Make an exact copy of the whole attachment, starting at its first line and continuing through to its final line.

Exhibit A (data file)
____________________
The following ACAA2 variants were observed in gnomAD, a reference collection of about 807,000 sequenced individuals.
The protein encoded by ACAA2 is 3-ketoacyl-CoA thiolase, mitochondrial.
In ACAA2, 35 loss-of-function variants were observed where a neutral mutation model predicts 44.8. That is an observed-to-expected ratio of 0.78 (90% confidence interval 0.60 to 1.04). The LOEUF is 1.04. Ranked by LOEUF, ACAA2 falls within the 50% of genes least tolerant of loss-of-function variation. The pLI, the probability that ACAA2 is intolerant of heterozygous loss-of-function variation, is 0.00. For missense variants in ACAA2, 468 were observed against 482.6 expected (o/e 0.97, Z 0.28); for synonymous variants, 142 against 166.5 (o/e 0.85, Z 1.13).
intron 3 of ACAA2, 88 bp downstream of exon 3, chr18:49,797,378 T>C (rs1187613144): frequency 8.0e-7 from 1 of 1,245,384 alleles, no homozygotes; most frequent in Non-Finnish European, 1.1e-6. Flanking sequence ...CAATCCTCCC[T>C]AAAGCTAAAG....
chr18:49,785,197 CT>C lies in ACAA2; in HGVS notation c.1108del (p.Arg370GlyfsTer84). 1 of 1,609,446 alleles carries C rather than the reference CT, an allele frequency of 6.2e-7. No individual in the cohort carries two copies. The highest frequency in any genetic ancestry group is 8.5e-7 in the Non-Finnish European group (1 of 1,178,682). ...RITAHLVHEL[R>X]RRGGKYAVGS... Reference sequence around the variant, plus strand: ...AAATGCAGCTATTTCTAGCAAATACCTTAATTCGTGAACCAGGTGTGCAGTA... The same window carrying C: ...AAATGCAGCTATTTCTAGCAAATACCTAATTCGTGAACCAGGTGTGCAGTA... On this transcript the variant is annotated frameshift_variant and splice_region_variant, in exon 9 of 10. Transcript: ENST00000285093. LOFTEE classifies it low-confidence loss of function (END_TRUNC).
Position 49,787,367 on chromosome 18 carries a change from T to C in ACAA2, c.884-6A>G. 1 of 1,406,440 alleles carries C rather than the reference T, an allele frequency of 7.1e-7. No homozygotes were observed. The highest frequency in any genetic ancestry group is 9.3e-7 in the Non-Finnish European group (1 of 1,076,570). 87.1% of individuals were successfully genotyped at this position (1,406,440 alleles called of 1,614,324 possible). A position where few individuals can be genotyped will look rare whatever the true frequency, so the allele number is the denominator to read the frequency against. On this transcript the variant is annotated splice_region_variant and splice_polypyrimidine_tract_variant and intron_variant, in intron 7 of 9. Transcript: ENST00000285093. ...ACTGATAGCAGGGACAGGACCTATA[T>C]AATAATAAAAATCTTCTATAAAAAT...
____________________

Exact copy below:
The following ACAA2 variants were observed in gnomAD, a reference collection of about 807,000 sequenced individuals.
The protein encoded by ACAA2 is 3-ketoacyl-CoA thiolase, mitochondrial.
In ACAA2, 35 loss-of-function variants were observed where a neutral mutation model predicts 44.8. That is an observed-to-expected ratio of 0.78 (90% confidence interval 0.60 to 1.04). The LOEUF is 1.04. Ranked by LOEUF, ACAA2 falls within the 50% of genes least tolerant of loss-of-function variation. The pLI, the probability that ACAA2 is intolerant of heterozygous loss-of-function variation, is 0.00. For missense variants in ACAA2, 468 were observed against 482.6 expected (o/e 0.97, Z 0.28); for synonymous variants, 142 against 166.5 (o/e 0.85, Z 1.13).
intron 3 of ACAA2, 88 bp downstream of exon 3, chr18:49,797,378 T>C (rs1187613144): frequency 8.0e-7 from 1 of 1,245,384 alleles, no homozygotes; most frequent in Non-Finnish European, 1.1e-6. Flanking sequence ...CAATCCTCCC[T>C]AAAGCTAAAG....
chr18:49,785,197 CT>C lies in ACAA2; in HGVS notation c.1108del (p.Arg370GlyfsTer84). 1 of 1,609,446 alleles carries C rather than the reference CT, an allele frequency of 6.2e-7. No individual in the cohort carries two copies. The highest frequency in any genetic ancestry group is 8.5e-7 in the Non-Finnish European group (1 of 1,178,682). ...RITAHLVHEL[R>X]RRGGKYAVGS... Reference sequence around the variant, plus strand: ...AAATGCAGCTATTTCTAGCAAATACCTTAATTCGTGAACCAGGTGTGCAGTA... The same window carrying C: ...AAATGCAGCTATTTCTAGCAAATACCTAATTCGTGAACCAGGTGTGCAGTA... On this transcript the variant is annotated frameshift_variant and splice_region_variant, in exon 9 of 10. Transcript: ENST00000285093. LOFTEE classifies it low-confidence loss of function (END_TRUNC).
Position 49,787,367 on chromosome 18 carries a change from T to C in ACAA2, c.884-6A>G. 1 of 1,406,440 alleles carries C rather than the reference T, an allele frequency of 7.1e-7. No homozygotes were observed. The highest frequency in any genetic ancestry group is 9.3e-7 in the Non-Finnish European group (1 of 1,076,570). 87.1% of individuals were successfully genotyped at this position (1,406,440 alleles called of 1,614,324 possible). A position where few individuals can be genotyped will look rare whatever the true frequency, so the allele number is the denominator to read the frequency against. On this transcript the variant is annotated splice_region_variant and splice_polypyrimidine_tract_variant and intron_variant, in intron 7 of 9. Transcript: ENST00000285093. ...ACTGATAGCAGGGACAGGACCTATA[T>C]AATAATAAAAATCTTCTATAAAAAT...